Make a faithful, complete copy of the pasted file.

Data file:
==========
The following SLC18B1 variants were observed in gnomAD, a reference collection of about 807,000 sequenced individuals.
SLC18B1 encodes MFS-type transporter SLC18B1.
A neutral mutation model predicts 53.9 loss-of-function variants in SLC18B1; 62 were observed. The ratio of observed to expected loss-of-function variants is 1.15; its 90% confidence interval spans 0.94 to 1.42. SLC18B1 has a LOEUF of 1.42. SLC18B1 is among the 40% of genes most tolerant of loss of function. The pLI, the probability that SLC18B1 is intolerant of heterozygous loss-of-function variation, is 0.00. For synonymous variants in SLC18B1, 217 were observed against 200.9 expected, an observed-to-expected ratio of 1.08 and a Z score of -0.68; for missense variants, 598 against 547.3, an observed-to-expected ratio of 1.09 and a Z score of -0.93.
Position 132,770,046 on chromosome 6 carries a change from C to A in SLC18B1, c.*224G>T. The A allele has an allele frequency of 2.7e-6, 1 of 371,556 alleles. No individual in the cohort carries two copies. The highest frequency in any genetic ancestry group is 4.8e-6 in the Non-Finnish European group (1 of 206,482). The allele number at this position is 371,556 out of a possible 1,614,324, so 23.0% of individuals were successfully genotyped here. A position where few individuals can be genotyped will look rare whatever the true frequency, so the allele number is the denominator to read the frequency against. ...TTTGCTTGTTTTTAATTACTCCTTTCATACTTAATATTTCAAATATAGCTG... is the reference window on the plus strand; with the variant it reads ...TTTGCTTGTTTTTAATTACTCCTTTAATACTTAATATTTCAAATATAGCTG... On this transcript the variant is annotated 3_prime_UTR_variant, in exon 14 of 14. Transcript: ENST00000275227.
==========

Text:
The following SLC18B1 variants were observed in gnomAD, a reference collection of about 807,000 sequenced individuals.
SLC18B1 encodes MFS-type transporter SLC18B1.
A neutral mutation model predicts 53.9 loss-of-function variants in SLC18B1; 62 were observed. The ratio of observed to expected loss-of-function variants is 1.15; its 90% confidence interval spans 0.94 to 1.42. SLC18B1 has a LOEUF of 1.42. SLC18B1 is among the 40% of genes most tolerant of loss of function. The pLI, the probability that SLC18B1 is intolerant of heterozygous loss-of-function variation, is 0.00. For synonymous variants in SLC18B1, 217 were observed against 200.9 expected, an observed-to-expected ratio of 1.08 and a Z score of -0.68; for missense variants, 598 against 547.3, an observed-to-expected ratio of 1.09 and a Z score of -0.93.
Position 132,770,046 on chromosome 6 carries a change from C to A in SLC18B1, c.*224G>T. The A allele has an allele frequency of 2.7e-6, 1 of 371,556 alleles. No individual in the cohort carries two copies. The highest frequency in any genetic ancestry group is 4.8e-6 in the Non-Finnish European group (1 of 206,482). The allele number at this position is 371,556 out of a possible 1,614,324, so 23.0% of individuals were successfully genotyped here. A position where few individuals can be genotyped will look rare whatever the true frequency, so the allele number is the denominator to read the frequency against. ...TTTGCTTGTTTTTAATTACTCCTTTCATACTTAATATTTCAAATATAGCTG... is the reference window on the plus strand; with the variant it reads ...TTTGCTTGTTTTTAATTACTCCTTTAATACTTAATATTTCAAATATAGCTG... On this transcript the variant is annotated 3_prime_UTR_variant, in exon 14 of 14. Transcript: ENST00000275227.